Of course they are, Alice assured herself. It’s just been three years. Grammy wouldn’t be pissed, or not for long. Maybe she’d scold some. Look how skinny you are! What on God’s green earth have you done to your hair?
Amused at the thought, Alice pulled her ski cap down snug over the short cap of hair she’d bleached out as blond as she could manage. She liked being blond, liked the way the more glamorous color made her eyes read greener.
But most of all she liked the idea of being enfolded in one of Grandpa’s hugs, of sitting down to a big meal—Thanksgiving was almost here—and telling her whole stick-up-the-ass family of her adventures.
She’d seen the Pacific Ocean, had strutted along Rodeo Drive like a movie star, had twice worked as an extra for an actual movie. Maybe getting real parts in real movies turned out to be a lot harder than she’d imagined, but she’d tried.
She’d proved she could be on her own. She could do things, see things, experience things. And she could do it all again if they gave her too much grief.
Annoyed, Alice blinked and swiped at the tears flooding her eyes. She wouldn’t beg. She would not beg them to take her back, to take her in.
God, she just wanted to be home.
The angle of the sun told her she’d never make it by nightfall, and she could smell fresh snow in the air. Maybe—maybe if she cut through the trees, across the fields, she could make it to the Skinner place.
She stopped, tired, torn. Safer to stay on the road, but heading across the fields would cut off a good mile or more. Plus, there were a couple of cabins, if she could remember her way. Bare bones for wilderness vacationers, but she could break in, get a fire going, maybe even find some canned food.
She looked down the seemingly endless road, then over the snow-buried fields, toward the snowcapped mountains rising into a sky going gray-blue with dusk and the oncoming snow.
Later, Alice would think of that indecision, that few minutes of hesitation standing in the bitter wind on the shoulder of the road. The few minutes before she took a step toward the fields, the mountains, that would have taken her into the lengthening shadows of the pines, away from the road.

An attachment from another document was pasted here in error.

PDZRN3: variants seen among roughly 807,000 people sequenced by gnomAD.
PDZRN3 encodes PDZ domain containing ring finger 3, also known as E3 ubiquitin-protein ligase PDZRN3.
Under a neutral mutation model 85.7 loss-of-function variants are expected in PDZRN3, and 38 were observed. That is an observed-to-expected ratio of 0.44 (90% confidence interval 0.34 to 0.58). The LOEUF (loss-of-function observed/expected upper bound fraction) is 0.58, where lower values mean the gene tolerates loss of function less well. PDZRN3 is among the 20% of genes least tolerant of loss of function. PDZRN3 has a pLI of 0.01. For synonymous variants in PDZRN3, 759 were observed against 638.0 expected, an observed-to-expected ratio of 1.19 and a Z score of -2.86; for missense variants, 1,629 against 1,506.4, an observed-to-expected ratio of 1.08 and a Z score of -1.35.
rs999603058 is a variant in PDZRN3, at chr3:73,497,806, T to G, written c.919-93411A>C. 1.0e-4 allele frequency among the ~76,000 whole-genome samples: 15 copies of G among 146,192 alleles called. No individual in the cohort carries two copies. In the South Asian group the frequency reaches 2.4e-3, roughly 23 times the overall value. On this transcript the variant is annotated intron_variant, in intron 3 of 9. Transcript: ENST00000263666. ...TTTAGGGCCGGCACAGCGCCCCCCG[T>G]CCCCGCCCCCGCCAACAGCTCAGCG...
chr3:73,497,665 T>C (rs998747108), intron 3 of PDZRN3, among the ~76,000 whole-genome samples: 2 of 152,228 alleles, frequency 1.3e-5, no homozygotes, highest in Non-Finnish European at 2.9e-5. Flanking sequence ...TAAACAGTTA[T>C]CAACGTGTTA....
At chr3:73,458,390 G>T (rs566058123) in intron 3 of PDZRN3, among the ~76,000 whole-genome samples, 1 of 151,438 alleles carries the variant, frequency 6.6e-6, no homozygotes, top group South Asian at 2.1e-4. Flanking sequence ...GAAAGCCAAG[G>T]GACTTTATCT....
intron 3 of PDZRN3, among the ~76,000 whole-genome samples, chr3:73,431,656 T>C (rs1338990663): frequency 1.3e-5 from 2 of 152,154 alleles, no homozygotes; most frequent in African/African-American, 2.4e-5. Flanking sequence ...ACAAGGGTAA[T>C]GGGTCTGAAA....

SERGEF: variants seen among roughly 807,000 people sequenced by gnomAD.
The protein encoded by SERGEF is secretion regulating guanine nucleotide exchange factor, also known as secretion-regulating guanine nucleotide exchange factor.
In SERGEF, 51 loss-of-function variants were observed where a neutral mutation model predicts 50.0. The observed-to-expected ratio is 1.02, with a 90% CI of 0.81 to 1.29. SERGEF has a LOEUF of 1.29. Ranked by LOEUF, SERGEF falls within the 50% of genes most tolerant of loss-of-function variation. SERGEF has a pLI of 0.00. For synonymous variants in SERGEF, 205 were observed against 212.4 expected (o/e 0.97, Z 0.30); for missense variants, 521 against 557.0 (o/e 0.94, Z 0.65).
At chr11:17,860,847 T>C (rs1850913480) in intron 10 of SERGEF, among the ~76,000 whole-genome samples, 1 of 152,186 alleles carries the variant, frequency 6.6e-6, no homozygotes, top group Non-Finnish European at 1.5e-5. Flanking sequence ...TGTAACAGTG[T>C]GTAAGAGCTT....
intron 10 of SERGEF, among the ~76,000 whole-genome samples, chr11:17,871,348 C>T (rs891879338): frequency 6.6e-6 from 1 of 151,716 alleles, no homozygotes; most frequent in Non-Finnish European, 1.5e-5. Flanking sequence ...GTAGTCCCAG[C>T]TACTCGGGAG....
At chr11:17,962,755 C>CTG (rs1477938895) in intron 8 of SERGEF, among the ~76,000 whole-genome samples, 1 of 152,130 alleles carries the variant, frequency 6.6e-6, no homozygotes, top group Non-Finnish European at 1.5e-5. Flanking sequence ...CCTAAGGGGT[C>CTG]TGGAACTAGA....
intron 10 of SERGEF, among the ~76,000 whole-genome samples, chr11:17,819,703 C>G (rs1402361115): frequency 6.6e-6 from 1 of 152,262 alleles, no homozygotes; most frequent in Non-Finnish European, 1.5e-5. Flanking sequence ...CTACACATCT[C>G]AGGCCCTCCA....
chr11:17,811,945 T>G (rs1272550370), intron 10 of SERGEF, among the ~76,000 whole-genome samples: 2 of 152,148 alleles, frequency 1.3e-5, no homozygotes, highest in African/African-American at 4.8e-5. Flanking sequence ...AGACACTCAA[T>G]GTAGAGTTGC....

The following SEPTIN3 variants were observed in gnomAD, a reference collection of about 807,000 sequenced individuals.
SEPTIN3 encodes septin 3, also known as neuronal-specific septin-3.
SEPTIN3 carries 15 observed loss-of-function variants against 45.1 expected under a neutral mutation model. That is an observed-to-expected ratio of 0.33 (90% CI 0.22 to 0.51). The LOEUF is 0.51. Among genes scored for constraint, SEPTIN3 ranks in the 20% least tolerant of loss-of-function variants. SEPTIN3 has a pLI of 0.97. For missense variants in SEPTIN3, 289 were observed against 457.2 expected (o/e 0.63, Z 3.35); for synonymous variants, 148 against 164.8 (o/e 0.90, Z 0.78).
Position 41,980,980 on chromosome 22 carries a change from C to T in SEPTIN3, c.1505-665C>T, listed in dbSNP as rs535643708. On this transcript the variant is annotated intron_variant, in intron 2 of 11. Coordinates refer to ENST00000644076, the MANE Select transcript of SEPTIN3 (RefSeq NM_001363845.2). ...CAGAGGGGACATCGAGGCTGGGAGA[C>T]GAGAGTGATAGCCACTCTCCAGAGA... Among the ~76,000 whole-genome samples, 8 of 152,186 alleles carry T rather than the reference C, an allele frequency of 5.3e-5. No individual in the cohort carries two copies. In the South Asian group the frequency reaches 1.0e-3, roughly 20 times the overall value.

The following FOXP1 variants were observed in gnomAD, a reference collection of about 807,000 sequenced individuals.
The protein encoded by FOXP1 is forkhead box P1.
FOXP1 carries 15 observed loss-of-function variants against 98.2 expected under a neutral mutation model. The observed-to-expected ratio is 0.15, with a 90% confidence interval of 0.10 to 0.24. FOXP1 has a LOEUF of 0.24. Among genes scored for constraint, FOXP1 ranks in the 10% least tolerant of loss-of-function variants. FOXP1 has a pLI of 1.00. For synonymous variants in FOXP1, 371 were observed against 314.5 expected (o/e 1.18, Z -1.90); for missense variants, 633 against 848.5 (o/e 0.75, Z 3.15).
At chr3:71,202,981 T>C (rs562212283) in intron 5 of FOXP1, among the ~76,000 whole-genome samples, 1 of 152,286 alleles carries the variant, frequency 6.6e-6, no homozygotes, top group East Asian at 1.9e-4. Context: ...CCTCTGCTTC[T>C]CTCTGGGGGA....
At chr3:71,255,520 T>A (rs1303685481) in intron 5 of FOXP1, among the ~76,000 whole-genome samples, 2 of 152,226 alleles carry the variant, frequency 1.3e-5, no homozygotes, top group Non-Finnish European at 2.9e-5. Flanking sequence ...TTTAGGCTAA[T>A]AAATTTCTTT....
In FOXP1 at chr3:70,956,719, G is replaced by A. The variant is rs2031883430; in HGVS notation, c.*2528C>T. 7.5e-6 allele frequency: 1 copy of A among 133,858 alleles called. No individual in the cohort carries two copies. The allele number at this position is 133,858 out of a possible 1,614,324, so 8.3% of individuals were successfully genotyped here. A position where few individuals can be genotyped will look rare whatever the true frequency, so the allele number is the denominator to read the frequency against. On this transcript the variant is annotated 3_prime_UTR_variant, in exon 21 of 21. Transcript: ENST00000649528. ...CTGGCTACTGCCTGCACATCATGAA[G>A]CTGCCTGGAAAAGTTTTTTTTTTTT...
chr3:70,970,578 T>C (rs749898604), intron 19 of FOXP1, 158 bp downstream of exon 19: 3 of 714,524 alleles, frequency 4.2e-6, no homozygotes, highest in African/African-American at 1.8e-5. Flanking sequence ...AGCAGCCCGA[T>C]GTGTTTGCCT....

Though it was the first sound Alice had heard in more than two hours—other than her own breathing, her own boot steps, the wind shuddering through the trees—the rattle of an engine didn’t register at first.
When it did, she scrambled back through the snow, felt her heart leap at the sight of the pickup chugging its way toward her.
She stepped forward and, rather than sticking out her thumb as she’d done countless times in her journeys, waved her arms in a signal of distress.
She might have been gone for three years, but she’d been born and bred a country girl. A Westerner. No one would drive by a woman signaling for help on a lonely road.
As it eased to a stop, Alice thought she’d never seen anything more beautiful than that rusted-out blue Ford with its gun rack, tarp-covered bed, and a TRUE PATRIOT sticker on the windshield.
When the driver leaned over, rolled down the window, she had to fight off tears.
“Looks like you need some help.”
“I could sure use a ride.” She gave him a quick smile, sizing him up. She needed that ride, but she wasn’t stupid.
He wore a sheepskin coat that had some years on it, and a Cutter-style brown hat over short, dark hair.
Good-looking, Alice thought, which always helped. Older—had to be at least forty. His eyes, dark, too, looked friendly enough.
She could hear the line-dance beat of country music from the radio.
“How far you going?” he asked in that western Montana drawl that sounded like music, too.
“To the Bodine Ranch. It’s just—”
“Sure, I know the Bodine place. Going right by it. Hop on in.”
“Thanks. Thanks. I really appreciate it.” She swung her backpack off, hauled it in after her as she climbed in the cab.
“You have a breakdown? I didn’t see anything on the road.”
“No.” She settled the backpack at her feet, nearly speechless with relief at the warmth pumping out of the truck’s heater. “I was heading in from Missoula, hitched a ride, but they had to turn off about six miles back.”
“You been walking six miles?”
In bliss, she closed her eyes as the ice cubes that were her toes began to thaw. “You’re the first truck I’ve seen in about two hours. I never figured on walking all the way. I’m really glad I don’t have to now.”
“Long walk, and for a little thing like you on her own. It’s coming on dark soon.”
“I know it. I’m lucky you came along.”
“You’re lucky,” he repeated.
She didn’t see the fist coming. It was so fast, so shocking. Her face seemed to explode from the blow. Even as her eyes rolled back, she slapped out.
She didn’t feel the second blow.
Moving quickly, thrilled the opportunity had simply fallen into his hands, he hauled her out of the truck cab, rolled her limp body into the bed of the truck under the tarp.